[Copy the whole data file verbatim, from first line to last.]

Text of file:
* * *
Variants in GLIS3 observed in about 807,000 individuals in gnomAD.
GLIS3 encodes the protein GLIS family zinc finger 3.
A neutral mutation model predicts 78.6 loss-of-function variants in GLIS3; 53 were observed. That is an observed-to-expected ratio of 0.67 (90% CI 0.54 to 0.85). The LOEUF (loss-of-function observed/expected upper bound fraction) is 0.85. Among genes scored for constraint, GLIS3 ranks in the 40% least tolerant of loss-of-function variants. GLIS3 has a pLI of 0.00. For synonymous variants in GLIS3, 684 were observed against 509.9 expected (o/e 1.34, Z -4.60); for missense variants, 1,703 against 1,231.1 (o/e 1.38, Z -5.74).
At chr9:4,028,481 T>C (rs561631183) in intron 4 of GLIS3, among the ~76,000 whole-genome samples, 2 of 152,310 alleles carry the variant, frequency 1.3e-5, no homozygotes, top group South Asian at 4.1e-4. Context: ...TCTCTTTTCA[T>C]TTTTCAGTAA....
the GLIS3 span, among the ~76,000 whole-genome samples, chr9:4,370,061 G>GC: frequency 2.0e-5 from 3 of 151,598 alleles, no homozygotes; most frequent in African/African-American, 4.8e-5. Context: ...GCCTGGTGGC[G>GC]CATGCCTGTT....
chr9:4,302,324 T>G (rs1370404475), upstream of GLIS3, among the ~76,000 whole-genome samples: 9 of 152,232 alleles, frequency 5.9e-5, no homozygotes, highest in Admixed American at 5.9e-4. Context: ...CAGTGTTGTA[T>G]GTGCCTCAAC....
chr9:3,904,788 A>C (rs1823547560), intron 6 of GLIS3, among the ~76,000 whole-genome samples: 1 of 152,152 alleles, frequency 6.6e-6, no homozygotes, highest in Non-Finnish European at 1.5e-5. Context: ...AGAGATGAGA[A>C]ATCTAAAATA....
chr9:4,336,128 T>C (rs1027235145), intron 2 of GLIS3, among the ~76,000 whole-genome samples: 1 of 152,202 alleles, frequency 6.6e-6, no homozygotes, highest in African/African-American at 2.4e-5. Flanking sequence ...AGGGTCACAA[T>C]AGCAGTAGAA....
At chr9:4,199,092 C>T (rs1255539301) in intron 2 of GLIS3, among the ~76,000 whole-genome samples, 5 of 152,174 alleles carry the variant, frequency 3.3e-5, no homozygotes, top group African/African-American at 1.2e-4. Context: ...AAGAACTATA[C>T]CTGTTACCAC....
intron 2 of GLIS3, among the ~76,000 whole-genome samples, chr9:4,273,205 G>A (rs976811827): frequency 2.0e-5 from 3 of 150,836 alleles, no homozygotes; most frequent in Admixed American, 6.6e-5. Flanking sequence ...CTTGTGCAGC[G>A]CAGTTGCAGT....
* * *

Variants in GLIS3 observed in about 807,000 individuals in gnomAD.
GLIS3 encodes the protein GLIS family zinc finger 3.
A neutral mutation model predicts 78.6 loss-of-function variants in GLIS3; 53 were observed. That is an observed-to-expected ratio of 0.67 (90% CI 0.54 to 0.85). The LOEUF (loss-of-function observed/expected upper bound fraction) is 0.85. Among genes scored for constraint, GLIS3 ranks in the 40% least tolerant of loss-of-function variants. GLIS3 has a pLI of 0.00. For synonymous variants in GLIS3, 684 were observed against 509.9 expected (o/e 1.34, Z -4.60); for missense variants, 1,703 against 1,231.1 (o/e 1.38, Z -5.74).
At chr9:4,028,481 T>C (rs561631183) in intron 4 of GLIS3, among the ~76,000 whole-genome samples, 2 of 152,310 alleles carry the variant, frequency 1.3e-5, no homozygotes, top group South Asian at 4.1e-4. Context: ...TCTCTTTTCA[T>C]TTTTCAGTAA....
the GLIS3 span, among the ~76,000 whole-genome samples, chr9:4,370,061 G>GC: frequency 2.0e-5 from 3 of 151,598 alleles, no homozygotes; most frequent in African/African-American, 4.8e-5. Context: ...GCCTGGTGGC[G>GC]CATGCCTGTT....
chr9:4,302,324 T>G (rs1370404475), upstream of GLIS3, among the ~76,000 whole-genome samples: 9 of 152,232 alleles, frequency 5.9e-5, no homozygotes, highest in Admixed American at 5.9e-4. Context: ...CAGTGTTGTA[T>G]GTGCCTCAAC....
chr9:3,904,788 A>C (rs1823547560), intron 6 of GLIS3, among the ~76,000 whole-genome samples: 1 of 152,152 alleles, frequency 6.6e-6, no homozygotes, highest in Non-Finnish European at 1.5e-5. Context: ...AGAGATGAGA[A>C]ATCTAAAATA....
chr9:4,336,128 T>C (rs1027235145), intron 2 of GLIS3, among the ~76,000 whole-genome samples: 1 of 152,202 alleles, frequency 6.6e-6, no homozygotes, highest in African/African-American at 2.4e-5. Flanking sequence ...AGGGTCACAA[T>C]AGCAGTAGAA....
At chr9:4,199,092 C>T (rs1255539301) in intron 2 of GLIS3, among the ~76,000 whole-genome samples, 5 of 152,174 alleles carry the variant, frequency 3.3e-5, no homozygotes, top group African/African-American at 1.2e-4. Context: ...AAGAACTATA[C>T]CTGTTACCAC....
intron 2 of GLIS3, among the ~76,000 whole-genome samples, chr9:4,273,205 G>A (rs976811827): frequency 2.0e-5 from 3 of 150,836 alleles, no homozygotes; most frequent in Admixed American, 6.6e-5. Flanking sequence ...CTTGTGCAGC[G>A]CAGTTGCAGT....